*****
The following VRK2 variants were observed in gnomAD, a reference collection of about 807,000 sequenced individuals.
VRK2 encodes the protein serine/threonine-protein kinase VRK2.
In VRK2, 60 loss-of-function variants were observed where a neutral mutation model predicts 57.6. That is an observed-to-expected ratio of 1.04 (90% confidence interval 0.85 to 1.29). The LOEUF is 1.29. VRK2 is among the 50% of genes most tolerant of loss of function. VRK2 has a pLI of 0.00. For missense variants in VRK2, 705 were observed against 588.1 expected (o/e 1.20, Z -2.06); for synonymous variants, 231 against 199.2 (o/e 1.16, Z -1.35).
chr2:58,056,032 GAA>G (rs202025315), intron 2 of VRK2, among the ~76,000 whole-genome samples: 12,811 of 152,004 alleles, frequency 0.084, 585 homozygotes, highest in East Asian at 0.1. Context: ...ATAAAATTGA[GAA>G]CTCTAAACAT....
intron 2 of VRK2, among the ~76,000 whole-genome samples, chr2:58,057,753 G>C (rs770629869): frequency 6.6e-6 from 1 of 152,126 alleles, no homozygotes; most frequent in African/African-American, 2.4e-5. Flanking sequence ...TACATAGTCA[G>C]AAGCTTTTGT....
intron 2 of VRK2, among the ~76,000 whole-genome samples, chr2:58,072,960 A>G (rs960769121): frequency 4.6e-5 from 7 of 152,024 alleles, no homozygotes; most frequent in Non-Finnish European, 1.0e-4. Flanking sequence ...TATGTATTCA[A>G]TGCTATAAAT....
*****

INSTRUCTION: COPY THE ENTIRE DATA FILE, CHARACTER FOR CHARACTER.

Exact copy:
The following VRK2 variants were observed in gnomAD, a reference collection of about 807,000 sequenced individuals.
VRK2 encodes the protein serine/threonine-protein kinase VRK2.
In VRK2, 60 loss-of-function variants were observed where a neutral mutation model predicts 57.6. That is an observed-to-expected ratio of 1.04 (90% confidence interval 0.85 to 1.29). The LOEUF is 1.29. VRK2 is among the 50% of genes most tolerant of loss of function. VRK2 has a pLI of 0.00. For missense variants in VRK2, 705 were observed against 588.1 expected (o/e 1.20, Z -2.06); for synonymous variants, 231 against 199.2 (o/e 1.16, Z -1.35).
chr2:58,056,032 GAA>G (rs202025315), intron 2 of VRK2, among the ~76,000 whole-genome samples: 12,811 of 152,004 alleles, frequency 0.084, 585 homozygotes, highest in East Asian at 0.1. Context: ...ATAAAATTGA[GAA>G]CTCTAAACAT....
intron 2 of VRK2, among the ~76,000 whole-genome samples, chr2:58,057,753 G>C (rs770629869): frequency 6.6e-6 from 1 of 152,126 alleles, no homozygotes; most frequent in African/African-American, 2.4e-5. Flanking sequence ...TACATAGTCA[G>C]AAGCTTTTGT....
intron 2 of VRK2, among the ~76,000 whole-genome samples, chr2:58,072,960 A>G (rs960769121): frequency 4.6e-5 from 7 of 152,024 alleles, no homozygotes; most frequent in Non-Finnish European, 1.0e-4. Flanking sequence ...TATGTATTCA[A>G]TGCTATAAAT....